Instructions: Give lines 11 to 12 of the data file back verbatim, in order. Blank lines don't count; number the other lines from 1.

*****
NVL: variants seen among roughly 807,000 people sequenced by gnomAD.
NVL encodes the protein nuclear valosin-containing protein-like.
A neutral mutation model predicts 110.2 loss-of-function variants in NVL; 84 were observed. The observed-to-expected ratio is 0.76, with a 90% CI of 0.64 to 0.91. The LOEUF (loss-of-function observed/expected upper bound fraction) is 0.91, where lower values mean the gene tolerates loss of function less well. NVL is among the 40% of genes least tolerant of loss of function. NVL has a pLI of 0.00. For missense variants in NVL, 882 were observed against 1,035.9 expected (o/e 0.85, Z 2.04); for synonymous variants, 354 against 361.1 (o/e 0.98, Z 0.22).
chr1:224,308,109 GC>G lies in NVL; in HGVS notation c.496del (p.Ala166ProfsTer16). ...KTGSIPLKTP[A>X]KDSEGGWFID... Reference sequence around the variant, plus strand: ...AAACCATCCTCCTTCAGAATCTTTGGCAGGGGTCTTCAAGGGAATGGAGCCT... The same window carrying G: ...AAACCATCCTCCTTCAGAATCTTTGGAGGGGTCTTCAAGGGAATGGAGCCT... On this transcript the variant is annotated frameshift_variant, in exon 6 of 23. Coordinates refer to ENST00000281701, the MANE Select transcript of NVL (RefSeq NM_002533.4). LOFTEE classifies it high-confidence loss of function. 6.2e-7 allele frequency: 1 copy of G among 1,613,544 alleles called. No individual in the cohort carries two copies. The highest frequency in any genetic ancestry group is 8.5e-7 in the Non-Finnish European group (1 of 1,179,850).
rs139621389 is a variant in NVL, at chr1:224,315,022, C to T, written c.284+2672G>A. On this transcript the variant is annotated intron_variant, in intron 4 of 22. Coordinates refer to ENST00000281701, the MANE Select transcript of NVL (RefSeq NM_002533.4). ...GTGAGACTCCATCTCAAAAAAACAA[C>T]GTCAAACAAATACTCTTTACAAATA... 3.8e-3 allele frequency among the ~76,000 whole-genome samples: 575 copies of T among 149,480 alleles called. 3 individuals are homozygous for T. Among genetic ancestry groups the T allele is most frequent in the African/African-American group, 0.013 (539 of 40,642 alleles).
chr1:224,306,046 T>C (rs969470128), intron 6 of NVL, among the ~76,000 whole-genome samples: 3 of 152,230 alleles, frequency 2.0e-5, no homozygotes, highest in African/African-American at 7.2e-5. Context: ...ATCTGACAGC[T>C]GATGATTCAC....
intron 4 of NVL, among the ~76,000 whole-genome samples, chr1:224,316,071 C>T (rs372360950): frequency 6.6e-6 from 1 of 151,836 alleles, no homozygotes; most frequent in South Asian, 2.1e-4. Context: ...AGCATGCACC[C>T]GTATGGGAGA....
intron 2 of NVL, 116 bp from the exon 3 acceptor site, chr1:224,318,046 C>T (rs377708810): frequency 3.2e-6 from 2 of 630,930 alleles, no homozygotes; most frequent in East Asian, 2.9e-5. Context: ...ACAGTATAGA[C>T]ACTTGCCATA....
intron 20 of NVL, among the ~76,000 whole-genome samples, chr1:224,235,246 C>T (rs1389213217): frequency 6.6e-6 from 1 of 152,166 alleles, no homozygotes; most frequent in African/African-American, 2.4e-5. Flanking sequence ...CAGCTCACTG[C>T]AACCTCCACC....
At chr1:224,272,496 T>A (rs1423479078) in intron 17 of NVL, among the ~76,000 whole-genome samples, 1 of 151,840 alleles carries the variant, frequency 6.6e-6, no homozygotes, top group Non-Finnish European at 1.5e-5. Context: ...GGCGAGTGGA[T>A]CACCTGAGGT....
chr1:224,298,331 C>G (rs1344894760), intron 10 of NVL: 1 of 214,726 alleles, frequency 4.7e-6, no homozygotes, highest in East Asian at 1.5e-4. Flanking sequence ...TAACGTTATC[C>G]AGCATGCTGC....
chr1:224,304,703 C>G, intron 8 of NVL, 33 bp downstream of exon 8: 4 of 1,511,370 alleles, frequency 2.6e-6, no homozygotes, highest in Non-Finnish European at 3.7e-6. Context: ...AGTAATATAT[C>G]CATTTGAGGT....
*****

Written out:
chr1:224,298,331 C>G (rs1344894760), intron 10 of NVL: 1 of 214,726 alleles, frequency 4.7e-6, no homozygotes, highest in East Asian at 1.5e-4. Flanking sequence ...TAACGTTATC[C>G]AGCATGCTGC....
chr1:224,304,703 C>G, intron 8 of NVL, 33 bp downstream of exon 8: 4 of 1,511,370 alleles, frequency 2.6e-6, no homozygotes, highest in Non-Finnish European at 3.7e-6. Context: ...AGTAATATAT[C>G]CATTTGAGGT....